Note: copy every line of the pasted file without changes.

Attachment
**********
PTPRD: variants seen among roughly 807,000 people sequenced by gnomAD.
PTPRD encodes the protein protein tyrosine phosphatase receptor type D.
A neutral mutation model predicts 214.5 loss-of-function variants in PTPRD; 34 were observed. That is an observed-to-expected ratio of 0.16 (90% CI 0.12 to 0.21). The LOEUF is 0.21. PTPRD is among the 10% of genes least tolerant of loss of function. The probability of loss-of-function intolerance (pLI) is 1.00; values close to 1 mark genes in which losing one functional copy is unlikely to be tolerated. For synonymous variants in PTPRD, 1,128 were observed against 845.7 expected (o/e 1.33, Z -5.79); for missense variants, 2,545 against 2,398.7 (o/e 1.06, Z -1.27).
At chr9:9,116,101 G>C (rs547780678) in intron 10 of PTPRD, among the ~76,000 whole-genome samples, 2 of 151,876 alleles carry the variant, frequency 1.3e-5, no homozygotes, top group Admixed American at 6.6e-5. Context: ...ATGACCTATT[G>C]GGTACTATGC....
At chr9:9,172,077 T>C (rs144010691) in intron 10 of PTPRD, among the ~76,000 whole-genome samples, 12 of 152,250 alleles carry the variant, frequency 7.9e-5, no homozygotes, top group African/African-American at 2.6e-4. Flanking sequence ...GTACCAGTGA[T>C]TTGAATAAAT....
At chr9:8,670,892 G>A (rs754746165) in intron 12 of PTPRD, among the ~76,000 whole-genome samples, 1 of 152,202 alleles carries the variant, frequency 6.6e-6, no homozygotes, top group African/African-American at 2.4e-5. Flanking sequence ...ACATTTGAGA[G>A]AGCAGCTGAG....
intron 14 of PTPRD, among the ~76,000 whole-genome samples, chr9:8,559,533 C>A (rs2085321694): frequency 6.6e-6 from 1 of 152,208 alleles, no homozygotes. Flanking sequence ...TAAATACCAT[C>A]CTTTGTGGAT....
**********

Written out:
PTPRD: variants seen among roughly 807,000 people sequenced by gnomAD.
PTPRD encodes the protein protein tyrosine phosphatase receptor type D.
A neutral mutation model predicts 214.5 loss-of-function variants in PTPRD; 34 were observed. That is an observed-to-expected ratio of 0.16 (90% CI 0.12 to 0.21). The LOEUF is 0.21. PTPRD is among the 10% of genes least tolerant of loss of function. The probability of loss-of-function intolerance (pLI) is 1.00; values close to 1 mark genes in which losing one functional copy is unlikely to be tolerated. For synonymous variants in PTPRD, 1,128 were observed against 845.7 expected (o/e 1.33, Z -5.79); for missense variants, 2,545 against 2,398.7 (o/e 1.06, Z -1.27).
At chr9:9,116,101 G>C (rs547780678) in intron 10 of PTPRD, among the ~76,000 whole-genome samples, 2 of 151,876 alleles carry the variant, frequency 1.3e-5, no homozygotes, top group Admixed American at 6.6e-5. Context: ...ATGACCTATT[G>C]GGTACTATGC....
At chr9:9,172,077 T>C (rs144010691) in intron 10 of PTPRD, among the ~76,000 whole-genome samples, 12 of 152,250 alleles carry the variant, frequency 7.9e-5, no homozygotes, top group African/African-American at 2.6e-4. Flanking sequence ...GTACCAGTGA[T>C]TTGAATAAAT....
At chr9:8,670,892 G>A (rs754746165) in intron 12 of PTPRD, among the ~76,000 whole-genome samples, 1 of 152,202 alleles carries the variant, frequency 6.6e-6, no homozygotes, top group African/African-American at 2.4e-5. Flanking sequence ...ACATTTGAGA[G>A]AGCAGCTGAG....
intron 14 of PTPRD, among the ~76,000 whole-genome samples, chr9:8,559,533 C>A (rs2085321694): frequency 6.6e-6 from 1 of 152,208 alleles, no homozygotes. Flanking sequence ...TAAATACCAT[C>A]CTTTGTGGAT....